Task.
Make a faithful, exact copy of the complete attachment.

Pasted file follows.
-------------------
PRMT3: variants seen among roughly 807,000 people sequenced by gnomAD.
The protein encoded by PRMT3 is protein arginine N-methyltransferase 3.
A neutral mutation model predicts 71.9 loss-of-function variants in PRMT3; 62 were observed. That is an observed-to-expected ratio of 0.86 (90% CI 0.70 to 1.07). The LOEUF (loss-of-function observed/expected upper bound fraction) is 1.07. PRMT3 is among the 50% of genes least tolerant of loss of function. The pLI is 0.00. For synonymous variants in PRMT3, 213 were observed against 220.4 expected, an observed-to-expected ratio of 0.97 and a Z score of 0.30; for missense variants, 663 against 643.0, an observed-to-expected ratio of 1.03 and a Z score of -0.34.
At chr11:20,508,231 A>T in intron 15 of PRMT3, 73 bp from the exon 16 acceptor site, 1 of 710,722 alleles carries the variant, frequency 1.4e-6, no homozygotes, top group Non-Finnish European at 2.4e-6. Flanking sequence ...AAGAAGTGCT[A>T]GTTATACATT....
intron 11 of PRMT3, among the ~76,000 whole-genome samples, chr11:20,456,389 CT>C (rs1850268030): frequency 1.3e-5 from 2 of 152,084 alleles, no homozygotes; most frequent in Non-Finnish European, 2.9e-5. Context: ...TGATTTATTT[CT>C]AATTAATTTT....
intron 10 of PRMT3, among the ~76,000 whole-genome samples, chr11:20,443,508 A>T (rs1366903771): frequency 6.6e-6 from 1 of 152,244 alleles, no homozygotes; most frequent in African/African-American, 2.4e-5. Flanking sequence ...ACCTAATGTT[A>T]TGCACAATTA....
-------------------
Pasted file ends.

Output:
PRMT3: variants seen among roughly 807,000 people sequenced by gnomAD.
The protein encoded by PRMT3 is protein arginine N-methyltransferase 3.
A neutral mutation model predicts 71.9 loss-of-function variants in PRMT3; 62 were observed. That is an observed-to-expected ratio of 0.86 (90% CI 0.70 to 1.07). The LOEUF (loss-of-function observed/expected upper bound fraction) is 1.07. PRMT3 is among the 50% of genes least tolerant of loss of function. The pLI is 0.00. For synonymous variants in PRMT3, 213 were observed against 220.4 expected, an observed-to-expected ratio of 0.97 and a Z score of 0.30; for missense variants, 663 against 643.0, an observed-to-expected ratio of 1.03 and a Z score of -0.34.
At chr11:20,508,231 A>T in intron 15 of PRMT3, 73 bp from the exon 16 acceptor site, 1 of 710,722 alleles carries the variant, frequency 1.4e-6, no homozygotes, top group Non-Finnish European at 2.4e-6. Flanking sequence ...AAGAAGTGCT[A>T]GTTATACATT....
intron 11 of PRMT3, among the ~76,000 whole-genome samples, chr11:20,456,389 CT>C (rs1850268030): frequency 1.3e-5 from 2 of 152,084 alleles, no homozygotes; most frequent in Non-Finnish European, 2.9e-5. Context: ...TGATTTATTT[CT>C]AATTAATTTT....
intron 10 of PRMT3, among the ~76,000 whole-genome samples, chr11:20,443,508 A>T (rs1366903771): frequency 6.6e-6 from 1 of 152,244 alleles, no homozygotes; most frequent in African/African-American, 2.4e-5. Flanking sequence ...ACCTAATGTT[A>T]TGCACAATTA....